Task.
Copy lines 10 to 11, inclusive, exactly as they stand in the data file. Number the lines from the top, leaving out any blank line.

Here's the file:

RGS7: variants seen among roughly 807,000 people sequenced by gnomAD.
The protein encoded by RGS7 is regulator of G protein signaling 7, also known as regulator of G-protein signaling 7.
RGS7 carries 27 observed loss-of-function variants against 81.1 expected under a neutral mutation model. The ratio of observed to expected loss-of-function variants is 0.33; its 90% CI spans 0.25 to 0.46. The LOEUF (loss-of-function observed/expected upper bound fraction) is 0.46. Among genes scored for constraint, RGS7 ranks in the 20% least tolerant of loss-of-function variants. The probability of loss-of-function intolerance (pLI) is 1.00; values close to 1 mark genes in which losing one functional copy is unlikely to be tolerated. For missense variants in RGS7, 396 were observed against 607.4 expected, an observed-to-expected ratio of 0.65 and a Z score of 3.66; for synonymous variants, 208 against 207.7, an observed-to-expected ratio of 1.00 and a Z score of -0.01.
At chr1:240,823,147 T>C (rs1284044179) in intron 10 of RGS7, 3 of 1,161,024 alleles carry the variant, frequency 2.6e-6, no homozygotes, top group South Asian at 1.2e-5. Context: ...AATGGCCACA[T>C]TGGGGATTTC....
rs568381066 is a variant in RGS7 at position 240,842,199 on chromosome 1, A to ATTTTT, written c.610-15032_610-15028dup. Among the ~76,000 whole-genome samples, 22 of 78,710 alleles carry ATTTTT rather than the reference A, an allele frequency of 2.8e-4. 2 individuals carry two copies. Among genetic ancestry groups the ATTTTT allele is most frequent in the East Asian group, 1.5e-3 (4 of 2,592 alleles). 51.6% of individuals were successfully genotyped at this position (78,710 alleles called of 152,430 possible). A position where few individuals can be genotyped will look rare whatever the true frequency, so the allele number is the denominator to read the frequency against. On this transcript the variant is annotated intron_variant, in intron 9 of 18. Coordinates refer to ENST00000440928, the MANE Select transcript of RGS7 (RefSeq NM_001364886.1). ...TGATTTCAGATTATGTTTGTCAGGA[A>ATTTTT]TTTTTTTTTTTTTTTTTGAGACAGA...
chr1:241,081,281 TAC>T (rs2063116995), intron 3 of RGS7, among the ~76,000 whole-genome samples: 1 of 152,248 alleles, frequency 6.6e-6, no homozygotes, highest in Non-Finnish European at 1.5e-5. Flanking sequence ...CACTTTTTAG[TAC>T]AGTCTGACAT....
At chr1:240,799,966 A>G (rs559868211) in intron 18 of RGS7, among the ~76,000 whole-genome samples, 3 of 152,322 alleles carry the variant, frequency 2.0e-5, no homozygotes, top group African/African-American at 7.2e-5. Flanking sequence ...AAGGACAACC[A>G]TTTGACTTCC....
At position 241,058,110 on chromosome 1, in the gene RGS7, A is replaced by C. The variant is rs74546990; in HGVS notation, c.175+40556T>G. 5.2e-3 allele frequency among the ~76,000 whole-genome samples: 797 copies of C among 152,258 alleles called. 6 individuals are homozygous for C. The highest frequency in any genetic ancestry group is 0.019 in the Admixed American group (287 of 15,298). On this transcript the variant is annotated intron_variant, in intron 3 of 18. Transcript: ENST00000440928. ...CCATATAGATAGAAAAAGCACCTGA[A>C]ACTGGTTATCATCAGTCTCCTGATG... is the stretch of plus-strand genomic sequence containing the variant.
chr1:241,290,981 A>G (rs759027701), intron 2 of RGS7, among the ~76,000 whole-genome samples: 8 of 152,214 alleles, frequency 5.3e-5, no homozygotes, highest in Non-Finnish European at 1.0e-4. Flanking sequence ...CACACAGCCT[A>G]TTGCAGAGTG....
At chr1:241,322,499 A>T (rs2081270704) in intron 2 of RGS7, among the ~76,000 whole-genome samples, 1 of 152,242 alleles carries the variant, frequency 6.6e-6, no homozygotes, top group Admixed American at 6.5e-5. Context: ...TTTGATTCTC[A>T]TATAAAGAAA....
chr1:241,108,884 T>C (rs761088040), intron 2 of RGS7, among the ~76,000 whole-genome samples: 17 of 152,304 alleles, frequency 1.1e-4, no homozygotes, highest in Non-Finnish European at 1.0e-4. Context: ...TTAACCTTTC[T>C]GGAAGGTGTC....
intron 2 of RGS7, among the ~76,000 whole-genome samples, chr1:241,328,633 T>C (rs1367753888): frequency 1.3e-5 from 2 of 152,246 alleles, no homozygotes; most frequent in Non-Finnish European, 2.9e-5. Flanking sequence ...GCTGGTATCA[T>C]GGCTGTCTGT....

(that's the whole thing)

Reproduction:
At chr1:241,322,499 A>T (rs2081270704) in intron 2 of RGS7, among the ~76,000 whole-genome samples, 1 of 152,242 alleles carries the variant, frequency 6.6e-6, no homozygotes, top group Admixed American at 6.5e-5. Context: ...TTTGATTCTC[A>T]TATAAAGAAA....
chr1:241,108,884 T>C (rs761088040), intron 2 of RGS7, among the ~76,000 whole-genome samples: 17 of 152,304 alleles, frequency 1.1e-4, no homozygotes, highest in Non-Finnish European at 1.0e-4. Context: ...TTAACCTTTC[T>C]GGAAGGTGTC....